To do this, we're actually going to be implementing something called a .dockerignore file. And what this says is that anything that our Docker build uses, we're going to explicitly ignore -- in the context of our container creation -- a certain subset of folders or files. In this example, we are creating the .dockerignore file. This is going to be used to specify which folders and which files do we want to ignore from our build process.
In our working example here, we have the .gitignore file. So, we don't want to include any of our source control files that might be included or put in the context of our container build unnecessarily. In addition, I have a file that is specific and full of secret information that I do not want put into the context of our build pipeline here. To see the changes in our Docker build context, we're going to build this image now -- we're going to use a different tag of v2. And then we're going to compare this against our v1 tagged build image as well.
You'll see that the context size has been drastically reduced here on our v2 because we've excluded both of these items. Our Docker build v1, which was our original context without the .dockerignore file but 162 kilobytes. And with the .dockerignore file in place, our v2 version of this container is only four kilobytes of contact size. By reducing the build context of our containers, we're effectively removing any potential secret information that is there unnecessarily.
Following the same train of thought to reduce our containers overall footprint or size, we can also use what are called slim images, or any of the BusyBox or Alpine-based images that might apply for your particular use case. In our case here, the Debian package does have a stable slim option in the Docker Hub. By updating our Dockerfile to reflect this new image choice, let's go ahead and build it and see what that difference in size looks like.
As you can see here -- based on our container sizes through each of our iterations -- that the v3 slim version of our container is about 50 megabytes smaller than our previous two iterations. By running one of these slim images, you're really just removing any sort of bloat or unnecessary packages for running this image inside of a container. This could be binaries, this could be man-pages, any sort of additional packages that would potentially be a security risk if left within the container and that container was breached at some point.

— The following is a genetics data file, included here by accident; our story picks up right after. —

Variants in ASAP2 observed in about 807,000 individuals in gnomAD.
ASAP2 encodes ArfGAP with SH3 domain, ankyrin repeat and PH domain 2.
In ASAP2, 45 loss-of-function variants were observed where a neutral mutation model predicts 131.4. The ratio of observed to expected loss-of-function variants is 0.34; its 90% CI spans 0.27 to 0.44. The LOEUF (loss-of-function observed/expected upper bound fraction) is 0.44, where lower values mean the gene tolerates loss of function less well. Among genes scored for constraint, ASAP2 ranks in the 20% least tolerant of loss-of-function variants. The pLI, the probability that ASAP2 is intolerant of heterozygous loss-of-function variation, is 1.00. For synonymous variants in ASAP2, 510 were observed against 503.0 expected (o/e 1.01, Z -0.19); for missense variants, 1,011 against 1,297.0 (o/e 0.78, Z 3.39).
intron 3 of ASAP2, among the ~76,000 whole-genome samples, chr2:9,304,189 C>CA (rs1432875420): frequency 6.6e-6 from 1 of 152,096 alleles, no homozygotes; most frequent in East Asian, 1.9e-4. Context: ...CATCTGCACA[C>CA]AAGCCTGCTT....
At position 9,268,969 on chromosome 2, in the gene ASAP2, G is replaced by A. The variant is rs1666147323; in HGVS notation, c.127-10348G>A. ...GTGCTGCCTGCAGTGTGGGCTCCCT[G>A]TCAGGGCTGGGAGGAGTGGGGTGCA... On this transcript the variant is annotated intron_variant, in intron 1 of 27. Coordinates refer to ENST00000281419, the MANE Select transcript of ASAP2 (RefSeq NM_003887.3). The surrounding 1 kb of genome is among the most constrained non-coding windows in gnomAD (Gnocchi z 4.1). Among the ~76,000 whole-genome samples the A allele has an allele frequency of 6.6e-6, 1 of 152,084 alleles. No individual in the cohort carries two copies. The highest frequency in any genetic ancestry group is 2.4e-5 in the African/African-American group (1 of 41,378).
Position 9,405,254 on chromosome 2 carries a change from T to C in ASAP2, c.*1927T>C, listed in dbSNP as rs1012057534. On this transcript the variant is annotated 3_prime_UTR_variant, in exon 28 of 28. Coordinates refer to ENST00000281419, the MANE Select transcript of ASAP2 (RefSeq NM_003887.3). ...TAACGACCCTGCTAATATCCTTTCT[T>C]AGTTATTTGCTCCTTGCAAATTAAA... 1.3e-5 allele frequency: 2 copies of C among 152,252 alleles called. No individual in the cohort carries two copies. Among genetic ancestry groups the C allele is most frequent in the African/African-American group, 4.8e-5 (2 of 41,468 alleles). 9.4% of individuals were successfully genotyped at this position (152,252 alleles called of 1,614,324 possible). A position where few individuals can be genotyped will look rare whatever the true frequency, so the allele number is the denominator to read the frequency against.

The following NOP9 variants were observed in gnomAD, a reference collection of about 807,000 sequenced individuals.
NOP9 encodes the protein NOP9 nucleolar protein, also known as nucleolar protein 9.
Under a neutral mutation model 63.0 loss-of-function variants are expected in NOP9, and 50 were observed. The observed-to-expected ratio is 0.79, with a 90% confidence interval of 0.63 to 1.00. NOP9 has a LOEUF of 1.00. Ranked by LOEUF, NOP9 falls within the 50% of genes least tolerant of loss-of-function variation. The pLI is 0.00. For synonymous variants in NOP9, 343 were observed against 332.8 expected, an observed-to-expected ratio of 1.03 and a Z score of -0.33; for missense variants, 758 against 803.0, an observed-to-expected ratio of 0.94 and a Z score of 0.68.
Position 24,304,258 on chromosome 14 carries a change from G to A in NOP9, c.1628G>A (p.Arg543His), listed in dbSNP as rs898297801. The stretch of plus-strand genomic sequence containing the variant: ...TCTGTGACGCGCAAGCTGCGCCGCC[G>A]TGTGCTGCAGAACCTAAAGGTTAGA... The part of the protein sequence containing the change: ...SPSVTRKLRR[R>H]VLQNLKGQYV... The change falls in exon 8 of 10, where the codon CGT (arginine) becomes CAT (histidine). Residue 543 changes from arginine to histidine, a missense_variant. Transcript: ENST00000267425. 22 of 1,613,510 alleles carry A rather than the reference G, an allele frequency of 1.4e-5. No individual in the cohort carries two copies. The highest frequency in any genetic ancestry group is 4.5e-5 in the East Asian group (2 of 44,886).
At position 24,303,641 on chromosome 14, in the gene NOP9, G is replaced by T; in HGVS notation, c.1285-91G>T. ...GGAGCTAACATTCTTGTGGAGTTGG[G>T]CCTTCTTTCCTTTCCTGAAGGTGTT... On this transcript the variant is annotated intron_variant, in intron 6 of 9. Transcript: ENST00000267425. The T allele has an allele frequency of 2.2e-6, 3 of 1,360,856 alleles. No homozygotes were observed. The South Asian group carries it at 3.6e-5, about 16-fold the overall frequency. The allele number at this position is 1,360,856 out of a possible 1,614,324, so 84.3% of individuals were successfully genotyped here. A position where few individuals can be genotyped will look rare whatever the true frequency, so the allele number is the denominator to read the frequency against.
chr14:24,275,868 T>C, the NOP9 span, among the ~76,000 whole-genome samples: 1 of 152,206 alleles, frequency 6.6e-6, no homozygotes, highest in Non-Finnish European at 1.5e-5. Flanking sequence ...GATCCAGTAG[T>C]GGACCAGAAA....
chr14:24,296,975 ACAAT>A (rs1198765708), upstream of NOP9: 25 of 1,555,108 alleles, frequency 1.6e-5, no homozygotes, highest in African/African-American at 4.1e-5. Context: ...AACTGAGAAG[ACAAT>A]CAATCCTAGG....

The fourth option for securing your containers when pushing to production is running them in a read-only state. Depending on the software you're running, you may need to mount some temporary file system spaces. In the case here of Apache2, the web server does need to be able to write to several locations on the hard drive itself. So, we've mounted the temp file system -- using the 'mounting' command -- to provide this scratch space for the web service.
Coming up in just a moment, we will also see how to implement this within a Docker Compose file because typing this out of the Docker CLI is quite a pain.
With our typo fixed, let's get this container up and running. And now with our container running, let's go ahead and see if that read-only flag has actually been implemented. So, first things first, I'm going to connect into our container as the root user in our interactive way. Here, I'm just going to create and open up a terminal as root. Then I'm going to attempt to create a file on Etsy and then create a test file. We can see that; oh I am not allowed, so it is a read-only file system.
Now when I attempt to touch and create a file in one of those locations, I have hard coded and specified in my 'docker run' command -- now we can see that I do in fact have the ability to read. So, this is a temporary file system. This is one that will be removed once this container is turned off or killed but will persist as long as the web server needs it to run.
And our last example here of how to harden our container, I just want to wrap it all together with a nice Docker Compose file. So again, you can see our read-only parameters set the temporary file system locations that we previously had to put via the Docker CLI, are now set here as well. Our ports are hard coded specific to what needs to be publicly accessible. And we have created these new network components as well. So our Docker build is going to be the current directory we're in that is going to be our web service. We also have a link to the database network and the database container. But most importantly, is the logical separation between our front-end and back-end networks.
By segmenting out our network in this way, we can specify that the front end is the only one that can be accessible by a public endpoint or public user. The database one will only be restricted to container-to-container communication over specific links. This logical segmentation provides a level of security because no public user will then be able to connect into our database, only the specific specified containers. So let's go ahead and run our Docker Compose up we're going to run this with the dash D parameters that runs in the background. And as we can see, both of our images have come up successfully. The ports that are published versus exposed are as they have been throughout our examples. And those containers are configured as we've gone through throughout this entire exercise.
I hope this video has been very helpful and informative on how to harden your Docker containers. Thank you!